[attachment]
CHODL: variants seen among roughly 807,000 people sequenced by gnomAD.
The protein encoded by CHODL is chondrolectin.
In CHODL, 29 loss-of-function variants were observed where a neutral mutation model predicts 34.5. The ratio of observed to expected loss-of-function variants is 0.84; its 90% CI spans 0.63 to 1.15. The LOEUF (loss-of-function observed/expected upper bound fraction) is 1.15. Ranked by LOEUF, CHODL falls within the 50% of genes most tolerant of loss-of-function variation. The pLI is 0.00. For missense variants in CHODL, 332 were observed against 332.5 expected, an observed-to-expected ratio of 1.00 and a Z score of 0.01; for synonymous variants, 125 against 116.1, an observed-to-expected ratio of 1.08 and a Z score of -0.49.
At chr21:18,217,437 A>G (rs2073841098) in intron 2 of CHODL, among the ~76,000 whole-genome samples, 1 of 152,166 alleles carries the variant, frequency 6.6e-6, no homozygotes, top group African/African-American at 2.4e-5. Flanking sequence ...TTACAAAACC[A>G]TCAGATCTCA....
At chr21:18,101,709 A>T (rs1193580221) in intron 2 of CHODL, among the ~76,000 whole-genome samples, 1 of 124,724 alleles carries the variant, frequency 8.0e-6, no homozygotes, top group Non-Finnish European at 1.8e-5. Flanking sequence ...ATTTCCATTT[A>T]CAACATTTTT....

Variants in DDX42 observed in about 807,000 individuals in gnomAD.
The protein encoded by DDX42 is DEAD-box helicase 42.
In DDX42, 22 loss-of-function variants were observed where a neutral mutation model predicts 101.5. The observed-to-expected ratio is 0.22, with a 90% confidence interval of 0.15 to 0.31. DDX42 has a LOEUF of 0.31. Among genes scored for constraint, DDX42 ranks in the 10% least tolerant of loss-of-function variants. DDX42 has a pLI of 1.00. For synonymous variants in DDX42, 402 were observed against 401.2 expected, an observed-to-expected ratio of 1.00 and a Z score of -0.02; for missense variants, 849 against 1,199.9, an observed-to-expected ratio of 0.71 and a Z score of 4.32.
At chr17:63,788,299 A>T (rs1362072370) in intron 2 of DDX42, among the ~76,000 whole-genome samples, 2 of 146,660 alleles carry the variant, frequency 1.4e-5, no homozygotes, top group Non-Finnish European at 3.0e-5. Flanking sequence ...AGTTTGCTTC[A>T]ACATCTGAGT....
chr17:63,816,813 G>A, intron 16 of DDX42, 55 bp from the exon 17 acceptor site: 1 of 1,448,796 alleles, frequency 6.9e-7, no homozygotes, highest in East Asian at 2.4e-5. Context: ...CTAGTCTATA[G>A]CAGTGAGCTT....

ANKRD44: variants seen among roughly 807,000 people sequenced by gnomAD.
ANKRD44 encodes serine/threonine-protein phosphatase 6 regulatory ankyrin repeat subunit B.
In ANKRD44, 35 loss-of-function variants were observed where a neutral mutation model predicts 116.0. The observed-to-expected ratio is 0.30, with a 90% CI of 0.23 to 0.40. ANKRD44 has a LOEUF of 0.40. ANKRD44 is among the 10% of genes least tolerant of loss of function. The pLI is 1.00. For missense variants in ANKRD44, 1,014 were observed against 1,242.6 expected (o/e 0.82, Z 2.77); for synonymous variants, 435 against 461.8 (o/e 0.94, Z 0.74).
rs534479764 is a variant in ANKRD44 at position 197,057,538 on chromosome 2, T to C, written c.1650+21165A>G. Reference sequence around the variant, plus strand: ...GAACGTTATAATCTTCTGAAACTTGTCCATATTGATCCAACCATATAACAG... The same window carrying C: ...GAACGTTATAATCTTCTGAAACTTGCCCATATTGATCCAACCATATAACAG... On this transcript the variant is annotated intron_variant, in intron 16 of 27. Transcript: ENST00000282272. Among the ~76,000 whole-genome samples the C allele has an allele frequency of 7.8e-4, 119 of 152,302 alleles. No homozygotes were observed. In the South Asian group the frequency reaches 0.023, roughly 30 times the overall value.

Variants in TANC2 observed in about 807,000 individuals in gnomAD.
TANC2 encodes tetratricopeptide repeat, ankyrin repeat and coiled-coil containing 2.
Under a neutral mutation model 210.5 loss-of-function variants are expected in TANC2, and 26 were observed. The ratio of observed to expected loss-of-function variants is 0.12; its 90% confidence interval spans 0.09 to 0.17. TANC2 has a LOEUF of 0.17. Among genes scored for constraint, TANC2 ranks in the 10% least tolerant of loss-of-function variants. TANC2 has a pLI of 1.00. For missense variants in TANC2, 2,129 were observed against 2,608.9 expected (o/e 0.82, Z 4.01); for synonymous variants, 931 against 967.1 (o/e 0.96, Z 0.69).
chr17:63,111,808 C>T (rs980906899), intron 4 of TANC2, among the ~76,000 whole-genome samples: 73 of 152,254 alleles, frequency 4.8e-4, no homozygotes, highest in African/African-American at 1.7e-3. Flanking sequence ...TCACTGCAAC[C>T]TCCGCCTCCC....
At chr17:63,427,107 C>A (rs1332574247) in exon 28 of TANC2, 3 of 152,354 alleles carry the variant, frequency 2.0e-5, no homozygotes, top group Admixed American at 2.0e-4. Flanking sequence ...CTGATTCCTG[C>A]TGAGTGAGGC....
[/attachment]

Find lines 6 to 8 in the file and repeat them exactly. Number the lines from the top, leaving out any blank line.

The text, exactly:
Variants in DDX42 observed in about 807,000 individuals in gnomAD.
The protein encoded by DDX42 is DEAD-box helicase 42.
In DDX42, 22 loss-of-function variants were observed where a neutral mutation model predicts 101.5. The observed-to-expected ratio is 0.22, with a 90% confidence interval of 0.15 to 0.31. DDX42 has a LOEUF of 0.31. Among genes scored for constraint, DDX42 ranks in the 10% least tolerant of loss-of-function variants. DDX42 has a pLI of 1.00. For synonymous variants in DDX42, 402 were observed against 401.2 expected, an observed-to-expected ratio of 1.00 and a Z score of -0.02; for missense variants, 849 against 1,199.9, an observed-to-expected ratio of 0.71 and a Z score of 4.32.